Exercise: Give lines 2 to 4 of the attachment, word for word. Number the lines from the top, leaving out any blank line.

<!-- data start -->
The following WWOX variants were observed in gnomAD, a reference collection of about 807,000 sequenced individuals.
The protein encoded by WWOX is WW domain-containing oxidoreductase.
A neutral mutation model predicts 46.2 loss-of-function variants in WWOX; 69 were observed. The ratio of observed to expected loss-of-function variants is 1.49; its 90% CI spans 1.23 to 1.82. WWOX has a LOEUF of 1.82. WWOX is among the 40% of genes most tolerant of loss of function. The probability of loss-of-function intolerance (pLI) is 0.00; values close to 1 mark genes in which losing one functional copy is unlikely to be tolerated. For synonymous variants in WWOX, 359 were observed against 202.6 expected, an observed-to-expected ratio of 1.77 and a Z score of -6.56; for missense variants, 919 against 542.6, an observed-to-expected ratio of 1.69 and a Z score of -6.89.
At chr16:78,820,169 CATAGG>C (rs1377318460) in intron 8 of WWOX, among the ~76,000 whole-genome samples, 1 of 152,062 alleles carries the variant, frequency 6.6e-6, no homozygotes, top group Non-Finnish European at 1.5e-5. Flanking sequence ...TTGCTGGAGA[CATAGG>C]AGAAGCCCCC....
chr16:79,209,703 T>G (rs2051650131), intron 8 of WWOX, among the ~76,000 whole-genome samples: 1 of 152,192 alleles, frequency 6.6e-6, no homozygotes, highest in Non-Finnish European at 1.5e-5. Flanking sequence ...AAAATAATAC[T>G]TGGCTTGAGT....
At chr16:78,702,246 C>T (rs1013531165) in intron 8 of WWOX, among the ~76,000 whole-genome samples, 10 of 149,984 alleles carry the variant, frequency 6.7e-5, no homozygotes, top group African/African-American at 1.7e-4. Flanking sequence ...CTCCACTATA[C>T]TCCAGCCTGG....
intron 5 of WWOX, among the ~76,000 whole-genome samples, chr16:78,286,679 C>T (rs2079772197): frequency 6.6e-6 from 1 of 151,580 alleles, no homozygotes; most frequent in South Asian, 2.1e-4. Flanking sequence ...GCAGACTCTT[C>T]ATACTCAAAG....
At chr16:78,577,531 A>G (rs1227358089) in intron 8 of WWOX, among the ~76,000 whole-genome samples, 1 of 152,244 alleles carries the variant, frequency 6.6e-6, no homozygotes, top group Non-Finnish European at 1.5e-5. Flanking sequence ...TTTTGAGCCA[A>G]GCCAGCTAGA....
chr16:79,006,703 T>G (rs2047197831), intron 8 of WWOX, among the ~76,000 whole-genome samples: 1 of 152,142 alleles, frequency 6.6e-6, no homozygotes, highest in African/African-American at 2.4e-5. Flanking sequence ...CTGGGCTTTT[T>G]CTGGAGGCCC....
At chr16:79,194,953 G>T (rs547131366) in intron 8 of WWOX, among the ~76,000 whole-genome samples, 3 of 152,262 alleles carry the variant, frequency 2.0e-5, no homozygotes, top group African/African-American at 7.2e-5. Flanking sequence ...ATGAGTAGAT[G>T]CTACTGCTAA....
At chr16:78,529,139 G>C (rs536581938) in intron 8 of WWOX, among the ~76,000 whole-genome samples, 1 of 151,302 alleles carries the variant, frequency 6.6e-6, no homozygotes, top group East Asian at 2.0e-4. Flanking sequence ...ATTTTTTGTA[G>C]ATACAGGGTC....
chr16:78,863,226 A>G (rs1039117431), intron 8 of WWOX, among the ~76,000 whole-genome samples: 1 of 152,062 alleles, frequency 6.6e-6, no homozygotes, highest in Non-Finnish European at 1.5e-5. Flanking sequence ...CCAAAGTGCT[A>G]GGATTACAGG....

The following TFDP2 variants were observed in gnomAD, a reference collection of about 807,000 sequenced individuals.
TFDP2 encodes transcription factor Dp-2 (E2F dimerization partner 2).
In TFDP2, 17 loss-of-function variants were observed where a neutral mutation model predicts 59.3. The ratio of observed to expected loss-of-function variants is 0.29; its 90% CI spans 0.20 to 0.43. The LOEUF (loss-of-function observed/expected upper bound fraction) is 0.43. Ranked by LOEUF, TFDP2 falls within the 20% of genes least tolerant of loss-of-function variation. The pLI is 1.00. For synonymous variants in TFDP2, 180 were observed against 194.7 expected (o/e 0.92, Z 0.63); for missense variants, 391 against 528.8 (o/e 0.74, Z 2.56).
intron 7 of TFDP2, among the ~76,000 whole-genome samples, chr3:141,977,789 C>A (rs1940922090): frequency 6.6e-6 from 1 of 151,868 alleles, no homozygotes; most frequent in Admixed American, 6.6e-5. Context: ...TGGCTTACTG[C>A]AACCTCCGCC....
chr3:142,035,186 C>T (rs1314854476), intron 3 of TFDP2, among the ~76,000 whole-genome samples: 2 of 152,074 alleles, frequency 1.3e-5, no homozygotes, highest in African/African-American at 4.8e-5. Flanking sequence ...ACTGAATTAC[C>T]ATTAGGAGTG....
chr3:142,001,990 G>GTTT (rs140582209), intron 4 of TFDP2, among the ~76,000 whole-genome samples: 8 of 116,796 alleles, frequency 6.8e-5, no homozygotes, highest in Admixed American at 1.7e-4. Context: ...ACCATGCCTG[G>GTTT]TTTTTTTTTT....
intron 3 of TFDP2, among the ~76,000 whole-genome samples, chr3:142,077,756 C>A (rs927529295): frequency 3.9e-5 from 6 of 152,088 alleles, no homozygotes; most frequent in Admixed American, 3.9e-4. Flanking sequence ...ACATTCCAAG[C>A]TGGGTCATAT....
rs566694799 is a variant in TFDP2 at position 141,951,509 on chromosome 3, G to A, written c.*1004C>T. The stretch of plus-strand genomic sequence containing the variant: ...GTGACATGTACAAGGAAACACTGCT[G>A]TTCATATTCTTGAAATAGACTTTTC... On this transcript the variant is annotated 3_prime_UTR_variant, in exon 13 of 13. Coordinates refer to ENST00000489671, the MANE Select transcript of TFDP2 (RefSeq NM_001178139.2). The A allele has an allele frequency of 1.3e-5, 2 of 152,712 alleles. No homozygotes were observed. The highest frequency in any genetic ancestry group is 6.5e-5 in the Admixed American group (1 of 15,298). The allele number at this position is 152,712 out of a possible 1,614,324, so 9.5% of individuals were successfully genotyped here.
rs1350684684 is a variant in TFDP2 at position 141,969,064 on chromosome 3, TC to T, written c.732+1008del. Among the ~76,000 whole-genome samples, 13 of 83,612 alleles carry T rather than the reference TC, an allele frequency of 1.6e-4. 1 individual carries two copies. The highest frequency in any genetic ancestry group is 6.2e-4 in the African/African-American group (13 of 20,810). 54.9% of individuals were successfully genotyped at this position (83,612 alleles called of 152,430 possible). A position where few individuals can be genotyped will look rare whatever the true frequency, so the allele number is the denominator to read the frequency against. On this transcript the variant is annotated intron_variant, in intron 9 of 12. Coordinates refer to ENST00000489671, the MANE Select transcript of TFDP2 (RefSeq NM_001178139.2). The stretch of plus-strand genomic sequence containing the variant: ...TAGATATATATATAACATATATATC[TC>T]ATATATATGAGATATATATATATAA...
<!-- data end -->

The protein encoded by WWOX is WW domain-containing oxidoreductase.
A neutral mutation model predicts 46.2 loss-of-function variants in WWOX; 69 were observed. The ratio of observed to expected loss-of-function variants is 1.49; its 90% CI spans 1.23 to 1.82. WWOX has a LOEUF of 1.82. WWOX is among the 40% of genes most tolerant of loss of function. The probability of loss-of-function intolerance (pLI) is 0.00; values close to 1 mark genes in which losing one functional copy is unlikely to be tolerated. For synonymous variants in WWOX, 359 were observed against 202.6 expected, an observed-to-expected ratio of 1.77 and a Z score of -6.56; for missense variants, 919 against 542.6, an observed-to-expected ratio of 1.69 and a Z score of -6.89.
At chr16:78,820,169 CATAGG>C (rs1377318460) in intron 8 of WWOX, among the ~76,000 whole-genome samples, 1 of 152,062 alleles carries the variant, frequency 6.6e-6, no homozygotes, top group Non-Finnish European at 1.5e-5. Flanking sequence ...TTGCTGGAGA[CATAGG>C]AGAAGCCCCC....